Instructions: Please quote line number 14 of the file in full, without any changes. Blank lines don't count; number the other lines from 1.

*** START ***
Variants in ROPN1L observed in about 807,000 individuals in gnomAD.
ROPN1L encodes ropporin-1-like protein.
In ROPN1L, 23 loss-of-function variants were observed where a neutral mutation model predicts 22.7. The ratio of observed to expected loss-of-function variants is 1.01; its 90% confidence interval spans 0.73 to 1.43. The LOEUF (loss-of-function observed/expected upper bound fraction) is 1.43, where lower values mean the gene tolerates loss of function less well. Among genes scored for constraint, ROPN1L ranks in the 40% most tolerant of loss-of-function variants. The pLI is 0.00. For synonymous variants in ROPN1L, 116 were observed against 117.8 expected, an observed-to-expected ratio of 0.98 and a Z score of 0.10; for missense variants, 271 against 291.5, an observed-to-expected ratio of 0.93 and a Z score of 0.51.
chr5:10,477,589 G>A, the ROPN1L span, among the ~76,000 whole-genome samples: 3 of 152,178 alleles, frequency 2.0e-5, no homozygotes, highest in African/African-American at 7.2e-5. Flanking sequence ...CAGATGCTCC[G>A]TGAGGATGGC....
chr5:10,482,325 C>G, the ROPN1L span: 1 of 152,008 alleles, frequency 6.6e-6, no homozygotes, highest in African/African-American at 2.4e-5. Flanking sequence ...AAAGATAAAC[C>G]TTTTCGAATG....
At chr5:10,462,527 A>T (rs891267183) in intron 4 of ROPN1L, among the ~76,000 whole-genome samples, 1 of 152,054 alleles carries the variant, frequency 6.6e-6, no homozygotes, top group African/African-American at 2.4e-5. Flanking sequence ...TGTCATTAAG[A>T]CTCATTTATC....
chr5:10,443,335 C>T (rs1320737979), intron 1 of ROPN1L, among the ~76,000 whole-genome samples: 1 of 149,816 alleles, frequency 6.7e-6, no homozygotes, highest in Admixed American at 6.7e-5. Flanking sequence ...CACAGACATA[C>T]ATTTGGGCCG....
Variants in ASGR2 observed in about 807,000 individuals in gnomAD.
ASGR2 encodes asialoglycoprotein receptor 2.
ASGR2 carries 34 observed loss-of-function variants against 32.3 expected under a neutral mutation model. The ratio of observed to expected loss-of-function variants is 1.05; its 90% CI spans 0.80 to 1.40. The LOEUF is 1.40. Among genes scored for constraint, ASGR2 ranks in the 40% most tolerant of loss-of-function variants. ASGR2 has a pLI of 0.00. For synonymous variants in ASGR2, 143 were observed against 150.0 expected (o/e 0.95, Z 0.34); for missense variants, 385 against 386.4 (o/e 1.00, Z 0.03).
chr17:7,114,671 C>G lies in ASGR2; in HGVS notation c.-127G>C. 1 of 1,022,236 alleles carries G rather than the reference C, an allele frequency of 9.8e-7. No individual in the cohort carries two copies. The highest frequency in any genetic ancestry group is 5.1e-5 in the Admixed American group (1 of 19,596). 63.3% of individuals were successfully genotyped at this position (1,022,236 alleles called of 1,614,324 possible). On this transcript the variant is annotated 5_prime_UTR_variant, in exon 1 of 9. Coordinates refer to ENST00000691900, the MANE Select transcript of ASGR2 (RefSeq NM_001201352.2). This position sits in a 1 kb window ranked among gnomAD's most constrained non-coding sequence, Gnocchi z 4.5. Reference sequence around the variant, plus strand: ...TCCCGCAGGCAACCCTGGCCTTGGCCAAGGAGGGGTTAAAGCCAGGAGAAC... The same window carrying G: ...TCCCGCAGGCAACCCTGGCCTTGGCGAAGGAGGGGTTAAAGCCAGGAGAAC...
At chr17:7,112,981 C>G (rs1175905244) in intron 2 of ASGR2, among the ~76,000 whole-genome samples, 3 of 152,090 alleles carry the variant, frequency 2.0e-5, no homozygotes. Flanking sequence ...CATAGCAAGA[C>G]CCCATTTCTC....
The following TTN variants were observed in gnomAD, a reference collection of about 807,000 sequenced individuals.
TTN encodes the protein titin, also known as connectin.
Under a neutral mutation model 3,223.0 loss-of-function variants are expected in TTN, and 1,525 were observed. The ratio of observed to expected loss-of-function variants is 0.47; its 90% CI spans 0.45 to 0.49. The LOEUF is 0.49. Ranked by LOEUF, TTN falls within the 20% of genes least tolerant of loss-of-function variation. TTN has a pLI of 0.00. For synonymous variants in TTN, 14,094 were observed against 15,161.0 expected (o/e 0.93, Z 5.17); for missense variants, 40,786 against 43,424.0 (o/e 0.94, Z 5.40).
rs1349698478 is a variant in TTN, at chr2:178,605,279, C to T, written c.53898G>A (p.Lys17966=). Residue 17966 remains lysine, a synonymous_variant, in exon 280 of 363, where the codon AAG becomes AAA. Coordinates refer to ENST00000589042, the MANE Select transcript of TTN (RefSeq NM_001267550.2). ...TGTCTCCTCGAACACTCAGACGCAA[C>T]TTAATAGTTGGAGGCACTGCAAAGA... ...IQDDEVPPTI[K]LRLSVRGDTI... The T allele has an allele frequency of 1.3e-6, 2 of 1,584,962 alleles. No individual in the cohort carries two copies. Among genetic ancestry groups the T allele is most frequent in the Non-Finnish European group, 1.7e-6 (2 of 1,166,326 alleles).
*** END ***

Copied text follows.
TTN encodes the protein titin, also known as connectin.